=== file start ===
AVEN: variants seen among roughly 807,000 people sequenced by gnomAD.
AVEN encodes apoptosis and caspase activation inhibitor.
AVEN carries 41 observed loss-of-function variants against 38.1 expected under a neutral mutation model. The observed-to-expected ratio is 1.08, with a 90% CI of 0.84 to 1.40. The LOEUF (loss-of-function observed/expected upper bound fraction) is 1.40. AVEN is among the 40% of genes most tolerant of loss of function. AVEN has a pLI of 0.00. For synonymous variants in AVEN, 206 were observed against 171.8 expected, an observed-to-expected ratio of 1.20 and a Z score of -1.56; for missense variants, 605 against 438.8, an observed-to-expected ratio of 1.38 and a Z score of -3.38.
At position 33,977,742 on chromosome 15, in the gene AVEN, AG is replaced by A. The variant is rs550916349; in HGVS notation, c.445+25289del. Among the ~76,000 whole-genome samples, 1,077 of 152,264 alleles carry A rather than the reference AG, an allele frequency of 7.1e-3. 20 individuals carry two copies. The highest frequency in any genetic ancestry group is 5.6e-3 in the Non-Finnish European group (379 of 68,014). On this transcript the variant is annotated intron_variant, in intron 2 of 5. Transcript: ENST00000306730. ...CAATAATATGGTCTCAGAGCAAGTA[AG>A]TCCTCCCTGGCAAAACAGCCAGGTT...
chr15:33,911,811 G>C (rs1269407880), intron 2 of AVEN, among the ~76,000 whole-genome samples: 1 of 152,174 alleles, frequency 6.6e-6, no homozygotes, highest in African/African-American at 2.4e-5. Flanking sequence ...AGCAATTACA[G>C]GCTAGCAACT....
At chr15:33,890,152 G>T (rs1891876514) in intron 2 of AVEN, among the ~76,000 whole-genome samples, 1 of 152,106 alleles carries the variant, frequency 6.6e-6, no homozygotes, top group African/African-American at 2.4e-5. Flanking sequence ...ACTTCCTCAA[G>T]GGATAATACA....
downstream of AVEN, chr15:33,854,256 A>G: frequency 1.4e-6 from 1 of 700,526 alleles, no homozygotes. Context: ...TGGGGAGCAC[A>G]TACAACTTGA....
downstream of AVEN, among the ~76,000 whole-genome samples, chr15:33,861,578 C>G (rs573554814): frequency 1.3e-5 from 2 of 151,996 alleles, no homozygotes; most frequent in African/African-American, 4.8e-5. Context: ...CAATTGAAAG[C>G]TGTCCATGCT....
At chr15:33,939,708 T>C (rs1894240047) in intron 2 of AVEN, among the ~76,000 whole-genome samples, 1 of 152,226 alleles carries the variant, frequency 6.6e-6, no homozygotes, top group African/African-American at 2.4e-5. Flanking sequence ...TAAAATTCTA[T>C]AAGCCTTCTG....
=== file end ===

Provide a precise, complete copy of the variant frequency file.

AVEN: variants seen among roughly 807,000 people sequenced by gnomAD.
AVEN encodes apoptosis and caspase activation inhibitor.
AVEN carries 41 observed loss-of-function variants against 38.1 expected under a neutral mutation model. The observed-to-expected ratio is 1.08, with a 90% CI of 0.84 to 1.40. The LOEUF (loss-of-function observed/expected upper bound fraction) is 1.40. AVEN is among the 40% of genes most tolerant of loss of function. AVEN has a pLI of 0.00. For synonymous variants in AVEN, 206 were observed against 171.8 expected, an observed-to-expected ratio of 1.20 and a Z score of -1.56; for missense variants, 605 against 438.8, an observed-to-expected ratio of 1.38 and a Z score of -3.38.
At position 33,977,742 on chromosome 15, in the gene AVEN, AG is replaced by A. The variant is rs550916349; in HGVS notation, c.445+25289del. Among the ~76,000 whole-genome samples, 1,077 of 152,264 alleles carry A rather than the reference AG, an allele frequency of 7.1e-3. 20 individuals carry two copies. The highest frequency in any genetic ancestry group is 5.6e-3 in the Non-Finnish European group (379 of 68,014). On this transcript the variant is annotated intron_variant, in intron 2 of 5. Transcript: ENST00000306730. ...CAATAATATGGTCTCAGAGCAAGTA[AG>A]TCCTCCCTGGCAAAACAGCCAGGTT...
chr15:33,911,811 G>C (rs1269407880), intron 2 of AVEN, among the ~76,000 whole-genome samples: 1 of 152,174 alleles, frequency 6.6e-6, no homozygotes, highest in African/African-American at 2.4e-5. Flanking sequence ...AGCAATTACA[G>C]GCTAGCAACT....
At chr15:33,890,152 G>T (rs1891876514) in intron 2 of AVEN, among the ~76,000 whole-genome samples, 1 of 152,106 alleles carries the variant, frequency 6.6e-6, no homozygotes, top group African/African-American at 2.4e-5. Flanking sequence ...ACTTCCTCAA[G>T]GGATAATACA....
downstream of AVEN, chr15:33,854,256 A>G: frequency 1.4e-6 from 1 of 700,526 alleles, no homozygotes. Context: ...TGGGGAGCAC[A>G]TACAACTTGA....
downstream of AVEN, among the ~76,000 whole-genome samples, chr15:33,861,578 C>G (rs573554814): frequency 1.3e-5 from 2 of 151,996 alleles, no homozygotes; most frequent in African/African-American, 4.8e-5. Context: ...CAATTGAAAG[C>G]TGTCCATGCT....
At chr15:33,939,708 T>C (rs1894240047) in intron 2 of AVEN, among the ~76,000 whole-genome samples, 1 of 152,226 alleles carries the variant, frequency 6.6e-6, no homozygotes, top group African/African-American at 2.4e-5. Flanking sequence ...TAAAATTCTA[T>C]AAGCCTTCTG....